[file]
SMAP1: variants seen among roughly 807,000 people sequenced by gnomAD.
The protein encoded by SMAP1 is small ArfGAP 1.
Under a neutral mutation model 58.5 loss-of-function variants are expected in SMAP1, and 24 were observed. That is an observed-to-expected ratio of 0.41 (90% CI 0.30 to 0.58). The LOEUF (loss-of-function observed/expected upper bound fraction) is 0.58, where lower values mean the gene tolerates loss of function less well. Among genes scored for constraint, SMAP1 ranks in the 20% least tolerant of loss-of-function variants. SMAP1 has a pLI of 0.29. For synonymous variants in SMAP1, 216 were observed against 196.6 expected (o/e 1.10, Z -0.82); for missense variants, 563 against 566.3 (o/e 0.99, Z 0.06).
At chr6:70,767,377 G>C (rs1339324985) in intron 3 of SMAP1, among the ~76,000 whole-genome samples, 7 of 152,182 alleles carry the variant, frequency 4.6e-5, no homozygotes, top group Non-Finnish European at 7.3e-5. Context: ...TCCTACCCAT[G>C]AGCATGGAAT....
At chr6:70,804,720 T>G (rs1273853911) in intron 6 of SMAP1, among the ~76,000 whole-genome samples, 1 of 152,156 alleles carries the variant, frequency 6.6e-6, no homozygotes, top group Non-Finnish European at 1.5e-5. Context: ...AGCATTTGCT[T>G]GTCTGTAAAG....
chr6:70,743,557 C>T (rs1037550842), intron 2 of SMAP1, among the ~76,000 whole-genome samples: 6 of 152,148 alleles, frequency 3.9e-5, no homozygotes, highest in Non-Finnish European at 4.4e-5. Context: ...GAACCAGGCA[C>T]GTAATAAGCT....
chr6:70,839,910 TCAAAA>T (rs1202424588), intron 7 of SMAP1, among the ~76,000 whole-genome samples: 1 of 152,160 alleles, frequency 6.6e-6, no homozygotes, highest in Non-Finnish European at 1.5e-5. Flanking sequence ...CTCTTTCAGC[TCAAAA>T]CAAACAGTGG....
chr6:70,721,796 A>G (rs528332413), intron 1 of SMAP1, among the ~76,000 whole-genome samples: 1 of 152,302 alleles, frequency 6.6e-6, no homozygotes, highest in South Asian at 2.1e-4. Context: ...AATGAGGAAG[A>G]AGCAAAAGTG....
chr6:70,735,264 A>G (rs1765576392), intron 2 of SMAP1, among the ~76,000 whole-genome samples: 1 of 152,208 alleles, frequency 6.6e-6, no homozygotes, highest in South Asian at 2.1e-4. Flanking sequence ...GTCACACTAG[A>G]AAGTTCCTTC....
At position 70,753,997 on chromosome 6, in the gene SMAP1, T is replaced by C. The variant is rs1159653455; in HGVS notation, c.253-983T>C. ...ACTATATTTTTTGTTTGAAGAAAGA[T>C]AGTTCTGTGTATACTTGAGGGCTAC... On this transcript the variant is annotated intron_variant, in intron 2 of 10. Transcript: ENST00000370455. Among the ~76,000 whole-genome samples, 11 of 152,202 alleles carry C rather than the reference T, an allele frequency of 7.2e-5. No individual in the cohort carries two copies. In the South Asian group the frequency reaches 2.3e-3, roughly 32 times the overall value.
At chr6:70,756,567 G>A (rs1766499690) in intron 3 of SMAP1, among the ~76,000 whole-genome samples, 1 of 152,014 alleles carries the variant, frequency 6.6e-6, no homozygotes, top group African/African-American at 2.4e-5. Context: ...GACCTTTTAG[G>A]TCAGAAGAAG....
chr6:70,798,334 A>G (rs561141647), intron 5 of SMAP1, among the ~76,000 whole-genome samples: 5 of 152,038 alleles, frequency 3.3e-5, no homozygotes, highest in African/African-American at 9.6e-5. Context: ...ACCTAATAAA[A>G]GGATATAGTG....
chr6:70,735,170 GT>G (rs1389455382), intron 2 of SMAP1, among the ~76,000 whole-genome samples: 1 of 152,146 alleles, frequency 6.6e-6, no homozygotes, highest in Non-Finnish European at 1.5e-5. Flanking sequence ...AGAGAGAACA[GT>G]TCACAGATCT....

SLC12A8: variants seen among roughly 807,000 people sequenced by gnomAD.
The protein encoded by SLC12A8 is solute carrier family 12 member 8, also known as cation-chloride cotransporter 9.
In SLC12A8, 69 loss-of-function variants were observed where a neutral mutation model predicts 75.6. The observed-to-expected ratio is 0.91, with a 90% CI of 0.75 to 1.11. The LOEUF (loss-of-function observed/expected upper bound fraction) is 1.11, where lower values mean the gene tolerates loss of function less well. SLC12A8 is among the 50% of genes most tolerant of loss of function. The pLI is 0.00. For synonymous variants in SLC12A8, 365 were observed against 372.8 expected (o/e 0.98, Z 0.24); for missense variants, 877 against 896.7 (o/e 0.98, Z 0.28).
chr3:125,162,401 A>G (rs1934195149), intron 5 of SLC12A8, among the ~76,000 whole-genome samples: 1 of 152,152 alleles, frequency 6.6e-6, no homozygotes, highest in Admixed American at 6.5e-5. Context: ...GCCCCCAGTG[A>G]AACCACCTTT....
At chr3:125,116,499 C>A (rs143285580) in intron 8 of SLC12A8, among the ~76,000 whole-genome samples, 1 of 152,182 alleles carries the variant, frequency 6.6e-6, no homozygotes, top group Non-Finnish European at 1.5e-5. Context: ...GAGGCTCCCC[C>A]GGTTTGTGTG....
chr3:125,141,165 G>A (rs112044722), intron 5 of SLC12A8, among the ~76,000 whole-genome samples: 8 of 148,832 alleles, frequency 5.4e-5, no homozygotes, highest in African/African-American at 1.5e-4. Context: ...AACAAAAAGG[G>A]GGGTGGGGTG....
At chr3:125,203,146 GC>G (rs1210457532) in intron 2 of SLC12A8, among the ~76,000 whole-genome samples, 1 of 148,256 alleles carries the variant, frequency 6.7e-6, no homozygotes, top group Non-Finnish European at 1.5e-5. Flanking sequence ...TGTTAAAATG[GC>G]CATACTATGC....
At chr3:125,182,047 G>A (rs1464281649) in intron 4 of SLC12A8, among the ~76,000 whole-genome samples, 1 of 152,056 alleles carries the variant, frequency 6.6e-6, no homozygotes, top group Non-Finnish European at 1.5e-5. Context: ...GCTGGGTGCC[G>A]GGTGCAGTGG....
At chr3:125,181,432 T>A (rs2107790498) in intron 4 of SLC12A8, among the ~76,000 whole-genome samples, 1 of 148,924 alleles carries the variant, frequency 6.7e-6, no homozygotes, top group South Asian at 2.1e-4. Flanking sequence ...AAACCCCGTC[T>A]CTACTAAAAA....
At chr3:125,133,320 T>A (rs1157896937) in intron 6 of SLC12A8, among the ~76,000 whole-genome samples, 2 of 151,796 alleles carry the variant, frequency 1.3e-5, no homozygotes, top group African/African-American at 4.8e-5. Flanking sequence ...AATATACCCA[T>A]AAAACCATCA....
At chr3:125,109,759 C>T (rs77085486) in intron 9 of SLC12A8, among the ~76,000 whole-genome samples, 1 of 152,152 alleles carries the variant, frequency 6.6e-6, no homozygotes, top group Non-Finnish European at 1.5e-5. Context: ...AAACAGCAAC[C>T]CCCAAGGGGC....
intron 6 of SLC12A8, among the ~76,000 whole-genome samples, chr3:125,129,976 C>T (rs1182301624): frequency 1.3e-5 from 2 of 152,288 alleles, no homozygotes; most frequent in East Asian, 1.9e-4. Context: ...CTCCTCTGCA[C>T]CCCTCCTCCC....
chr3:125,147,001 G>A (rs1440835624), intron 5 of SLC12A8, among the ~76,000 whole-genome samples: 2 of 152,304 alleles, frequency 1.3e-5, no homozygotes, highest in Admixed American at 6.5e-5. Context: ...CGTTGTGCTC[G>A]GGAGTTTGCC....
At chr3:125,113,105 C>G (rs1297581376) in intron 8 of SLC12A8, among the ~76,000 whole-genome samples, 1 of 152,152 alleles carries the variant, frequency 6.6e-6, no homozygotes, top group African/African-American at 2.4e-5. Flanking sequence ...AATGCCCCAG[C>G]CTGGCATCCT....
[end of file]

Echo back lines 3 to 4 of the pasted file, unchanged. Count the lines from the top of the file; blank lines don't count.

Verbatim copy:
Under a neutral mutation model 58.5 loss-of-function variants are expected in SMAP1, and 24 were observed. That is an observed-to-expected ratio of 0.41 (90% CI 0.30 to 0.58). The LOEUF (loss-of-function observed/expected upper bound fraction) is 0.58, where lower values mean the gene tolerates loss of function less well. Among genes scored for constraint, SMAP1 ranks in the 20% least tolerant of loss-of-function variants. SMAP1 has a pLI of 0.29. For synonymous variants in SMAP1, 216 were observed against 196.6 expected (o/e 1.10, Z -0.82); for missense variants, 563 against 566.3 (o/e 0.99, Z 0.06).
At chr6:70,767,377 G>C (rs1339324985) in intron 3 of SMAP1, among the ~76,000 whole-genome samples, 7 of 152,182 alleles carry the variant, frequency 4.6e-5, no homozygotes, top group Non-Finnish European at 7.3e-5. Context: ...TCCTACCCAT[G>C]AGCATGGAAT....